“We will not hesitate to fight, we will fight at all costs and we will fight to the very end.”
These were among the strong statements uttered by China’s Defense Minister General Wei Genghe with regards to Taiwan. The general was addressing an audience at the Shangri-La Dialogue, a security summit held in Singapore on June 12 hosted by the International Institute for Strategic Studies (IISS).
Taking place in person for the first time since 2019, the Shangri-La Dialogue has become a reference point for international defense negotiations. This year, with 597 delegates from 39 countries and 32 ministers, the summit celebrated its 20th edition.
Among notable mentions from the event, Japan’s Prime Minister Fumio Kishida delivered the keynote speech to the conference on June 10. Ukraine’s President Volodymyr Zelenskyy also participated via an online address.
JAPAN Forward sat down with Dr. Philip Shetler-Jones, associate fellow at the Council on Geostrategy in London, to discuss the implications of the Shangri-La Dialogue for the Indo-Pacific and beyond.
Japan’s ‘Real Shift’ in Defense Policy
Fumio Kishida in his keynote speech on June 10 mapped out the “Kishida Vision for Peace,” highlighting five pillars of policy going forward.
The underlying theme in Kishida’s address was “maintaining and strengthening the rules-based free and open international order.”
To achieve this, he pledged to increase Japan’s defense capabilities, invest in economic security, and seek to achieve reform at the UN Security Council reform. Included in this is his “realistic” vision of a world without nuclear weapons.
The vision “was a way of reconciling different points of view among Japanese security thinkers: more realism, or more Japan as a peace loving nation,” weighed in Dr. Shetler-Jones, a specialist in Indo-Pacific geopolitics with a focus on Japan.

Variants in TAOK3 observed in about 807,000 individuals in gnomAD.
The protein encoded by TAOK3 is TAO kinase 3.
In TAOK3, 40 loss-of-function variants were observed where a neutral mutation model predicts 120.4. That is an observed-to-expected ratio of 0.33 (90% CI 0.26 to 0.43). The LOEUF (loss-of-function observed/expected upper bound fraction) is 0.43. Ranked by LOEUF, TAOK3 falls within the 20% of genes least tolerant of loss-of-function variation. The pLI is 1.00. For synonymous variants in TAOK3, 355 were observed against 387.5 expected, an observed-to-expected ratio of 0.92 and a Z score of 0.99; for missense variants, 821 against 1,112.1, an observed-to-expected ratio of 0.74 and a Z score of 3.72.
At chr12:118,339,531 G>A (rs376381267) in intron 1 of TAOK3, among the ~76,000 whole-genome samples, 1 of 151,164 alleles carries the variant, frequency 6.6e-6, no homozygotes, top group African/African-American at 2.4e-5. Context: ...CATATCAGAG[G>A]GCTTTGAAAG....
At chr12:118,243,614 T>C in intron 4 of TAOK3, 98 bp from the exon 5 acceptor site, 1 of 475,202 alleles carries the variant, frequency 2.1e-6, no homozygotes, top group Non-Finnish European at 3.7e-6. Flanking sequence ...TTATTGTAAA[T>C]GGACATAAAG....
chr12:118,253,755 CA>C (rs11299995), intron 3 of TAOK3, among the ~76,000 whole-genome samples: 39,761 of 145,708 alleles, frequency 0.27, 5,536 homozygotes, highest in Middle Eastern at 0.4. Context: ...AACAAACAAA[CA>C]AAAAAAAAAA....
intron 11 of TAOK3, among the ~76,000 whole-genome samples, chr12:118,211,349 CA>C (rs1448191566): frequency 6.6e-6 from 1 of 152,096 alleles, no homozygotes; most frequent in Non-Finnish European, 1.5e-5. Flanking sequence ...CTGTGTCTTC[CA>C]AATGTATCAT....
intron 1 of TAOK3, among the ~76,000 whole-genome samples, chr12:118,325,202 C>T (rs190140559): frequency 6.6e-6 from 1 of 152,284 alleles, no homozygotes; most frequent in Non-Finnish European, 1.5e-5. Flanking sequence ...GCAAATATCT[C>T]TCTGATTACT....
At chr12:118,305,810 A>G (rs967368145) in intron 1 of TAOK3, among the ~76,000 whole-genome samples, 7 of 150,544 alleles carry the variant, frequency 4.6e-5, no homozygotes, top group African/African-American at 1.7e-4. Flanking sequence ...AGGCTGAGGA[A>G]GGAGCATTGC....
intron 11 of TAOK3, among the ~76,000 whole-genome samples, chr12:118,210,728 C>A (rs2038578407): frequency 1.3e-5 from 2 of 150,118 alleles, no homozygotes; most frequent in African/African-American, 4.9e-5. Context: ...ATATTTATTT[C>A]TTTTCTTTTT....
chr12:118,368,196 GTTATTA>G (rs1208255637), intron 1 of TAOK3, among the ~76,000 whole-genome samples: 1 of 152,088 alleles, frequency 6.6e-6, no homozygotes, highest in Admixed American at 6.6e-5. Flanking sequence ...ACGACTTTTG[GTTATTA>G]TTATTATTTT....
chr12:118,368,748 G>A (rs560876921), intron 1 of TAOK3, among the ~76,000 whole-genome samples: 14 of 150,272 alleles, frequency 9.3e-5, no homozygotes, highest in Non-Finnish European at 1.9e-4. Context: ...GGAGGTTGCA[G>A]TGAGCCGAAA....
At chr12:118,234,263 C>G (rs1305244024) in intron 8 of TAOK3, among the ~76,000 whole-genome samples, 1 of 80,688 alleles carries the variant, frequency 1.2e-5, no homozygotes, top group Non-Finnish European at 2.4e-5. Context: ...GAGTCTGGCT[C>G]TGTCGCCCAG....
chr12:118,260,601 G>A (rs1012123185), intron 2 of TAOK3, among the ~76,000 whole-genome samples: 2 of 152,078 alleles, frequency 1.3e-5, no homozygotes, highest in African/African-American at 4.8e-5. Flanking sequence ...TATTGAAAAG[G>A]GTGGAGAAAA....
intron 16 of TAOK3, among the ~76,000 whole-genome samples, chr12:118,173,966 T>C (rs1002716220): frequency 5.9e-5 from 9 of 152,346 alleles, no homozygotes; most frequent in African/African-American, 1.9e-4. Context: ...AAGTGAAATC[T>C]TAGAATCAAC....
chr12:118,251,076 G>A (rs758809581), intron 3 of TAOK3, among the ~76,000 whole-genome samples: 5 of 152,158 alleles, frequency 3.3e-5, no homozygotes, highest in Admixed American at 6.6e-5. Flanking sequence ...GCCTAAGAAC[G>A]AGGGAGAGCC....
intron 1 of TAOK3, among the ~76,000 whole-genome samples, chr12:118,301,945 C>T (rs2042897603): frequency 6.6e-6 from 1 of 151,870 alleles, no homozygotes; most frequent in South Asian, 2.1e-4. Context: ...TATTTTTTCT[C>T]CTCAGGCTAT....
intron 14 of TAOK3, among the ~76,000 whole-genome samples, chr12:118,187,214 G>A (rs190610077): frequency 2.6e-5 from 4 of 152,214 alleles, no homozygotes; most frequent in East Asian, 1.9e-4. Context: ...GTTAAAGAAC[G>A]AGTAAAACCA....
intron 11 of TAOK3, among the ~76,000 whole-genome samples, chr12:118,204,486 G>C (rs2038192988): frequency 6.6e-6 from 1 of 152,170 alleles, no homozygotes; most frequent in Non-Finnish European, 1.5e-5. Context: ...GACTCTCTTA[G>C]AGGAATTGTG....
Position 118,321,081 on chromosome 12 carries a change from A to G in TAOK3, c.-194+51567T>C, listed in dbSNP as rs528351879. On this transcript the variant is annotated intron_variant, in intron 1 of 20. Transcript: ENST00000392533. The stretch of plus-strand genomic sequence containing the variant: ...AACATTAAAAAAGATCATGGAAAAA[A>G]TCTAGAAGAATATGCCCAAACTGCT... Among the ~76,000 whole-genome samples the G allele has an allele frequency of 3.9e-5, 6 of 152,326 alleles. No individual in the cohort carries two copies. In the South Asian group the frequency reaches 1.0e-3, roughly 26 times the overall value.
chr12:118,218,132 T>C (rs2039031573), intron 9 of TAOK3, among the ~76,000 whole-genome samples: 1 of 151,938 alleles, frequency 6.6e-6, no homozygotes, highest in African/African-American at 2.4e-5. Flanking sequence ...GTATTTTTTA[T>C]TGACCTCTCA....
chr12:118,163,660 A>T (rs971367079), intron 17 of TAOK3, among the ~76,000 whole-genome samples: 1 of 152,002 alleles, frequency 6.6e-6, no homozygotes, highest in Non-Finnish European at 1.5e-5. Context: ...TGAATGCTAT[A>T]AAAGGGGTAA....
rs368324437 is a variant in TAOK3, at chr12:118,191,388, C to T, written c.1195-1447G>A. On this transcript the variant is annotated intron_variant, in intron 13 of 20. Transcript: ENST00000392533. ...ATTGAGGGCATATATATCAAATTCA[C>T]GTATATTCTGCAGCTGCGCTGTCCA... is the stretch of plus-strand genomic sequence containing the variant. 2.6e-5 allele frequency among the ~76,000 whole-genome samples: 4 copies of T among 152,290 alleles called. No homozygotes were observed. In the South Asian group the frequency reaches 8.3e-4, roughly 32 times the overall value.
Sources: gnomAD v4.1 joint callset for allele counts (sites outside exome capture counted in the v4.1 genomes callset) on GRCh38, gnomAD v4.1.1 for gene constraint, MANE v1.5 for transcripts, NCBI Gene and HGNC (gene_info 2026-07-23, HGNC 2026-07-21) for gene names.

Japan is a strongly peace-oriented country without an army, but it has Self-Defense Forces.
“It is a big shift,” reflected Dr. Shetler-Jones, honing in on the defense policy change in Japan. “It's a shift from that principle [that defense] should not go too much beyond 1% of Gross Domestic Product.”
Yet, he also stressed the greater picture, as Kishida explained to Japan’s neighbors that higher defense spending should be reassuring.
From the perspective of Japan, “defense will be pushed in the service of regional interests,” explained Dr. Shetler-Jones.
US-China Drift: More of the Same?
The weekend in Singapore was marked with strong comments from defense leaders of the United States and China.
US Secretary of Defense Lloyd Austin in his remarks at the summit warned against China’s “coercive and aggressive” behavior.
On the other hand, China’s Defense Minister General Wei Genghe accused the US of “hijacking” countries in the Indo-Pacific in an attempt to increase influence in the region.
The Council on Geostrategy fellow observed that both countries' rhetoric was “familiar material.” If anything, “there was good news,” said Dr. Shetler-Jones, as there was somewhat of “an opening to diplomacy being restored.”
At the same time, he highlighted the new perceived sense of urgency on the part Western countries regarding the status of Taiwan in the shadow of the war in Ukraine.
“Everyone is now focused on [Taiwan], in a new light,” said Dr. Shetler-Jones. “It slightly raised the credibility of the idea that, if you're going to support a victim of aggression, you need to do it before the war starts,” he added. “You don't want to be waiting until after it's too late.”
Investing in an 'International Rules Based Order'
With participants from 39 countries, Shangri-La was an opportunity for many countries to raise awareness of their own security concerns on the world stage.
Among them, Fiji’s defense minister's speech, and the announcement of a Japan-Singapore defense industry agreement, stood out.
“The overall trend is one of countries increasingly coming together around this idea that the foundations of the international rules based order need more investment,” summarized Dr. Shetler-Jones.
Pointing towards the Australia-United Kingdom-United States (AUKUS) trilateral technology agreement, Dr. Shetler-Jones reflected:
“We are used to hearing a lot about AUKUS, [...] people see that as a somewhat exceptional arrangement. But I think in time that may begin to look like the beginning of a trend.”
With vast experience in covering security-related events, Dr. Shetler-Jones also shared insights into how the Shangri-La Dialogue differs from other summits, steps going forward, and what to look for in the future.
For the full conversation, watch the embedded video, or visit the JAPAN Forward YouTube channel.
- EDITORIAL | Kishida’s Vision of a Rules-Based World Must Come with Increased Defense Spending
- China Uses Singapore Platform to Challenge the Rules Based Order
Author: Arielle Busetto, video by Shaun Fernando